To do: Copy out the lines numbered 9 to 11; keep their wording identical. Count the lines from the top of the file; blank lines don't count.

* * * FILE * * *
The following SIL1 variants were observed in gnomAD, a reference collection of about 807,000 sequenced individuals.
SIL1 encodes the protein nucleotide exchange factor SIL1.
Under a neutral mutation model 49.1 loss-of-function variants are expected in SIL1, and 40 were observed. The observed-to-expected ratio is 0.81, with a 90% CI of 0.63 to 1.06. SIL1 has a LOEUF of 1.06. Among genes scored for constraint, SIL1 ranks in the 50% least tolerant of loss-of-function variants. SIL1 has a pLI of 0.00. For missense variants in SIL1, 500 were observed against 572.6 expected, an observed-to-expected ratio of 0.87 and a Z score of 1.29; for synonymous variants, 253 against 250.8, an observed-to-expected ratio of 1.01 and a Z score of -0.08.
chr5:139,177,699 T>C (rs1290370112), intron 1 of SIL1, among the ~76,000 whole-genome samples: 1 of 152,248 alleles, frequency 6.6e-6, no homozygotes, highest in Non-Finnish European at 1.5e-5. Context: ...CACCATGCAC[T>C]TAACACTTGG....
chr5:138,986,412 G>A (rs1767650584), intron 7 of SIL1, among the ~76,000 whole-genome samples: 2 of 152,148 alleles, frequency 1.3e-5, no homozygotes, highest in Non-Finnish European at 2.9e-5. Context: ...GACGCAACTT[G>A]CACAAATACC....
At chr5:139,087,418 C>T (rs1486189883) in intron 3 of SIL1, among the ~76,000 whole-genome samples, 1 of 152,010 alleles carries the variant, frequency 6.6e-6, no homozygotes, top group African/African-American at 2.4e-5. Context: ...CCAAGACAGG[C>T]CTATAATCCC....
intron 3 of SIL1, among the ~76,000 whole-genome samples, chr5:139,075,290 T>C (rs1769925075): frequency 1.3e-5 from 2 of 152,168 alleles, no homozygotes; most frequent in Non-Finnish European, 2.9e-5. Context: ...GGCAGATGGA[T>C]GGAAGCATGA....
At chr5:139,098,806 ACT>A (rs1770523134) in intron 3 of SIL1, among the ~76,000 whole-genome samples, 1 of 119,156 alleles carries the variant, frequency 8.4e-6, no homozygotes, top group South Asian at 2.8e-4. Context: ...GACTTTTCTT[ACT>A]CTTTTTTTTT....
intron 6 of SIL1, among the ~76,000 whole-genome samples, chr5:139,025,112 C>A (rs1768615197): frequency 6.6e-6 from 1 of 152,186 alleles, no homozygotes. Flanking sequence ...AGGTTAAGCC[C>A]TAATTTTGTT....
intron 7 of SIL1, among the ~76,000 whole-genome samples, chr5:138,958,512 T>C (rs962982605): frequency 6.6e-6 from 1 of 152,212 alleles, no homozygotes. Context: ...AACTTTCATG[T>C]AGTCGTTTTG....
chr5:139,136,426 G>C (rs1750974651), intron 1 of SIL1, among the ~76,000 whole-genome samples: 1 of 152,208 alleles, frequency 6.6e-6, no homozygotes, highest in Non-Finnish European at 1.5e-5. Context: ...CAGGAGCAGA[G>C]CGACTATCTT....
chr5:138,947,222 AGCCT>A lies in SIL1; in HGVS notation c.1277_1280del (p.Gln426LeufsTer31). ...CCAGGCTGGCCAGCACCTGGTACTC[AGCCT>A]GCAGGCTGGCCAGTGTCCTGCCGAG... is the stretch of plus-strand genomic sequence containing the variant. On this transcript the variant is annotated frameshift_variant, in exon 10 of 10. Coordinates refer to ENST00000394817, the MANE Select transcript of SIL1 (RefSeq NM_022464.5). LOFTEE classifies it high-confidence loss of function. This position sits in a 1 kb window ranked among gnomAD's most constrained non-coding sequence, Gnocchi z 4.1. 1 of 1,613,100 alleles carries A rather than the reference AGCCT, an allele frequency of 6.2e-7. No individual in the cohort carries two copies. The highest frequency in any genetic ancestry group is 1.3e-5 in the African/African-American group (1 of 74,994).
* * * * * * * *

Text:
intron 6 of SIL1, among the ~76,000 whole-genome samples, chr5:139,025,112 C>A (rs1768615197): frequency 6.6e-6 from 1 of 152,186 alleles, no homozygotes. Flanking sequence ...AGGTTAAGCC[C>A]TAATTTTGTT....
intron 7 of SIL1, among the ~76,000 whole-genome samples, chr5:138,958,512 T>C (rs962982605): frequency 6.6e-6 from 1 of 152,212 alleles, no homozygotes. Context: ...AACTTTCATG[T>C]AGTCGTTTTG....
chr5:139,136,426 G>C (rs1750974651), intron 1 of SIL1, among the ~76,000 whole-genome samples: 1 of 152,208 alleles, frequency 6.6e-6, no homozygotes, highest in Non-Finnish European at 1.5e-5. Context: ...CAGGAGCAGA[G>C]CGACTATCTT....